When I am finally able to get out on the lake, I will have to try to check that out.  I had gotten several reports about another nest.  And even one report that said it had 3 eggs in it, which is unusual.  I had even gotten a couple reports that the nest had been lost to high water but that does not sound like it is the case.
Several also asked questions about this video "Why They're Call Loons" and asked me to comment on what is happening:
There are a couple questions that I have about the video but at first glance it looks to me like a very typical intense battle over territory by two male loons.
Some of you will remember last year when I described a prolonged chase that went on for 15 to 20 minutes.  That chase was one of several reasons why I wonder if we did not have a change of nesting pairs last year.
It was exactly like the chase that you are seeing in the video.  There could not be a better illustration of what I saw last year.
However, what surprises me is the date on the video.  The date given is September.
That date does not seem right for this behavior.  I could easily see this happening in the spring as males battle for territory.  But by September, most loons have become much less territorial and are socializing with each other.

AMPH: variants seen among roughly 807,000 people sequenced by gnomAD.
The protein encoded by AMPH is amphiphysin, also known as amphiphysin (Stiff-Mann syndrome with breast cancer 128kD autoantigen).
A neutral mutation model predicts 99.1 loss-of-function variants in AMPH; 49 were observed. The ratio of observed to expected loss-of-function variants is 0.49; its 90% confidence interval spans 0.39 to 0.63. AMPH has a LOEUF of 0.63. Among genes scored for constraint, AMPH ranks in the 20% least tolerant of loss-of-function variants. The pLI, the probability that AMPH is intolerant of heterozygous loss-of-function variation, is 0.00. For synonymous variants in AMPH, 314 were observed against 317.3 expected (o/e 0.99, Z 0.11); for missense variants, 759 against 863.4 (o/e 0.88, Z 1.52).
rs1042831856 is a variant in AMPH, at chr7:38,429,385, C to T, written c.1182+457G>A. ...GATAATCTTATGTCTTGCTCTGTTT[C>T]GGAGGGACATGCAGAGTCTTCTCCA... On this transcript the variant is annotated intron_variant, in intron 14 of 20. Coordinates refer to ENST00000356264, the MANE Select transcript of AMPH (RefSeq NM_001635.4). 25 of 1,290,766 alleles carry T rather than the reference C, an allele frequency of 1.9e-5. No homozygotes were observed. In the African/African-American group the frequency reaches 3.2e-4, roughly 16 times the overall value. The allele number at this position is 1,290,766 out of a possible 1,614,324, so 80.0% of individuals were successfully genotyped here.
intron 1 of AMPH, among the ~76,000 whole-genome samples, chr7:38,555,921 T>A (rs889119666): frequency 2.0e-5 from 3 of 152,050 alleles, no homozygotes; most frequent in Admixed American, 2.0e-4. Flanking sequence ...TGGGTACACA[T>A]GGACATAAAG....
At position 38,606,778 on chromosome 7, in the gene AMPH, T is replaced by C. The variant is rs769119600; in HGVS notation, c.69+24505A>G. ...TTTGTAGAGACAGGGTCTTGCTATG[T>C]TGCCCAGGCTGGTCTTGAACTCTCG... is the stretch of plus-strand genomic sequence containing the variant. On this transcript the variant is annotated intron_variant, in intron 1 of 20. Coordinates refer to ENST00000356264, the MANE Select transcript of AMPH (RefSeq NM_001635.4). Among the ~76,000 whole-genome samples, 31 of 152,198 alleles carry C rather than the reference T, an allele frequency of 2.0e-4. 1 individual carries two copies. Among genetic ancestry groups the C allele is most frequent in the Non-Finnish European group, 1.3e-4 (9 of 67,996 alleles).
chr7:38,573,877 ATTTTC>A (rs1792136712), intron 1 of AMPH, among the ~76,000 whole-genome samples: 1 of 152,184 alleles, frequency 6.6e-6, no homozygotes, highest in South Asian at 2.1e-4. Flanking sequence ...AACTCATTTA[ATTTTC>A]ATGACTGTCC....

So all of that is to say that it looks for all the world like a territorial battle between two males.  But there are some little things that don't fit.
If you watch the video, you will see the the loon being chased tries to stop once in a while.  You can imagine how tiring this would be for both loons!  But then when he sees the other loon has not given up the chase, he shifts into high gear and off he goes again, paddling for all he is worth.
Like I said, the chase I watched last year lasted for a full 15 or 20 minutes.  I cannot even begin to imagine how tired the loons were after that chase.
Once again this is an illustration of how little we know and how much we have to learn about these wonderful birds.
Our wonderful loons.  The voice of the northwoods!
Questions or Comments?